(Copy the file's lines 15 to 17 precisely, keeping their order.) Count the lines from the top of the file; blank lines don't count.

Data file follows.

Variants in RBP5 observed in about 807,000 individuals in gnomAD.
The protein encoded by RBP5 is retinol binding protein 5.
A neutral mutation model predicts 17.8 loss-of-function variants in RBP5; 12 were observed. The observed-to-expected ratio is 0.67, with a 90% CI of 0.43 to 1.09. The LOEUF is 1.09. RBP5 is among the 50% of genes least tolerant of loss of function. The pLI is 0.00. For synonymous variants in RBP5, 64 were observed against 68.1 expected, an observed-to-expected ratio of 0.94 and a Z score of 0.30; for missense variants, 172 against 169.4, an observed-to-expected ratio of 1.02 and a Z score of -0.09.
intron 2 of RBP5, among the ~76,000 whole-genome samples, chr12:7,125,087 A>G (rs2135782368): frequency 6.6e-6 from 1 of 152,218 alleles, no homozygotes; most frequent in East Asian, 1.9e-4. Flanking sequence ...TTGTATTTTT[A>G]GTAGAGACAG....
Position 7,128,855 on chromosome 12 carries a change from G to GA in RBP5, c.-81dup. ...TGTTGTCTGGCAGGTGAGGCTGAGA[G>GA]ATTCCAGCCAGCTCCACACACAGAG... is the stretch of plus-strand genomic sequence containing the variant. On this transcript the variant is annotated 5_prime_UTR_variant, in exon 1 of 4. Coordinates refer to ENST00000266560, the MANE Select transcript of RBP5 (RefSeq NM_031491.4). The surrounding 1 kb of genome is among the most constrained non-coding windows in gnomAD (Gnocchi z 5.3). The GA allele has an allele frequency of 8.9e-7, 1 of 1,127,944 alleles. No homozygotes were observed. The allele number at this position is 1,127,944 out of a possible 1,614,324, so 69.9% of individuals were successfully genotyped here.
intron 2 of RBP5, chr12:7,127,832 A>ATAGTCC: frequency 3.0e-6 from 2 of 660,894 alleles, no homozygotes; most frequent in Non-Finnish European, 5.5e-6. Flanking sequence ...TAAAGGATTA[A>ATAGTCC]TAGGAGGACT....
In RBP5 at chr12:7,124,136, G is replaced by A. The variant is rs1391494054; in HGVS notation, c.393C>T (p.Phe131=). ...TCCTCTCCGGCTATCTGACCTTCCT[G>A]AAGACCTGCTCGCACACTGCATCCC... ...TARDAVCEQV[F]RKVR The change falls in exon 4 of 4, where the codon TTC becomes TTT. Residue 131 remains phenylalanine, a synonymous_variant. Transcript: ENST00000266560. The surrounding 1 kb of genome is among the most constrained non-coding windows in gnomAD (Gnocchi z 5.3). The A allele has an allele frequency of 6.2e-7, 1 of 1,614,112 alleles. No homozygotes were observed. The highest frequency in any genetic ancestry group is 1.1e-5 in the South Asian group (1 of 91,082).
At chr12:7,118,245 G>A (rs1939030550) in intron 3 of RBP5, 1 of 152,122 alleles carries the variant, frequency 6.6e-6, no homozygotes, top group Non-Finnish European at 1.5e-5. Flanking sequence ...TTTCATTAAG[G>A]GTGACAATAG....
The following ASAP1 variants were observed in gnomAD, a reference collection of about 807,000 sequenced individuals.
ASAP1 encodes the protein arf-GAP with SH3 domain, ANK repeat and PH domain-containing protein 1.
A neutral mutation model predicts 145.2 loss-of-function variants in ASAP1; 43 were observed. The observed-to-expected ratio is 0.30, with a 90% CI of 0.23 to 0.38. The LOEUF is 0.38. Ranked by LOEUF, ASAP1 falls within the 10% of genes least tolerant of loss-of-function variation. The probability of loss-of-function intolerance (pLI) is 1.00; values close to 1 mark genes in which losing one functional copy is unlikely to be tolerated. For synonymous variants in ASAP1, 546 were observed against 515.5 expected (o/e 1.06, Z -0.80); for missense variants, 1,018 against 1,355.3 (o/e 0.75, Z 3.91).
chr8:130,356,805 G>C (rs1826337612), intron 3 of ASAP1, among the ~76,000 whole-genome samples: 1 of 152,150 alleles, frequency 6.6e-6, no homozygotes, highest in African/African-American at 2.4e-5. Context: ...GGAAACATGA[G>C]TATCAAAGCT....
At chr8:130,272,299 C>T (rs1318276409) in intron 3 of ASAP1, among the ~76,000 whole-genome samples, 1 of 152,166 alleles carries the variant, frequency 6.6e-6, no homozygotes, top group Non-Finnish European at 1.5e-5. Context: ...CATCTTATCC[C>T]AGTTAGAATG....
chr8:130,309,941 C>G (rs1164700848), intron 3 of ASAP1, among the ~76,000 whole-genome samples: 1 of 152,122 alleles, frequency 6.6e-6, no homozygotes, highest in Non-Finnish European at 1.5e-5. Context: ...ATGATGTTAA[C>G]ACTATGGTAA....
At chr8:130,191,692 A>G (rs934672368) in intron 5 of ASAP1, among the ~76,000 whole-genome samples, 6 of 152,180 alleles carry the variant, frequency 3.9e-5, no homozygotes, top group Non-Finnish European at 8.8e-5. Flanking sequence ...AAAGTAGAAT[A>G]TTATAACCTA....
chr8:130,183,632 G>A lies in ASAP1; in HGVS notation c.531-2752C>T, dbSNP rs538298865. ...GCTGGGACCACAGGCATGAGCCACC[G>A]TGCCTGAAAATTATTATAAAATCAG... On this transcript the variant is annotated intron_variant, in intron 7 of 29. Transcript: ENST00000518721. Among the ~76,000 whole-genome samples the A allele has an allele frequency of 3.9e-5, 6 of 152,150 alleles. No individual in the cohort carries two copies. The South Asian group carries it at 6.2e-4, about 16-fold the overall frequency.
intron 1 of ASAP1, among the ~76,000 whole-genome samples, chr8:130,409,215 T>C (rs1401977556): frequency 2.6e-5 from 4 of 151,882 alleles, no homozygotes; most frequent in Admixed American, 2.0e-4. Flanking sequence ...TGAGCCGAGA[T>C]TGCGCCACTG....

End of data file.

At chr8:130,191,692 A>G (rs934672368) in intron 5 of ASAP1, among the ~76,000 whole-genome samples, 6 of 152,180 alleles carry the variant, frequency 3.9e-5, no homozygotes, top group Non-Finnish European at 8.8e-5. Flanking sequence ...AAAGTAGAAT[A>G]TTATAACCTA....
chr8:130,183,632 G>A lies in ASAP1; in HGVS notation c.531-2752C>T, dbSNP rs538298865. ...GCTGGGACCACAGGCATGAGCCACC[G>A]TGCCTGAAAATTATTATAAAATCAG... On this transcript the variant is annotated intron_variant, in intron 7 of 29. Transcript: ENST00000518721. Among the ~76,000 whole-genome samples the A allele has an allele frequency of 3.9e-5, 6 of 152,150 alleles. No individual in the cohort carries two copies. The South Asian group carries it at 6.2e-4, about 16-fold the overall frequency.
intron 1 of ASAP1, among the ~76,000 whole-genome samples, chr8:130,409,215 T>C (rs1401977556): frequency 2.6e-5 from 4 of 151,882 alleles, no homozygotes; most frequent in Admixed American, 2.0e-4. Flanking sequence ...TGAGCCGAGA[T>C]TGCGCCACTG....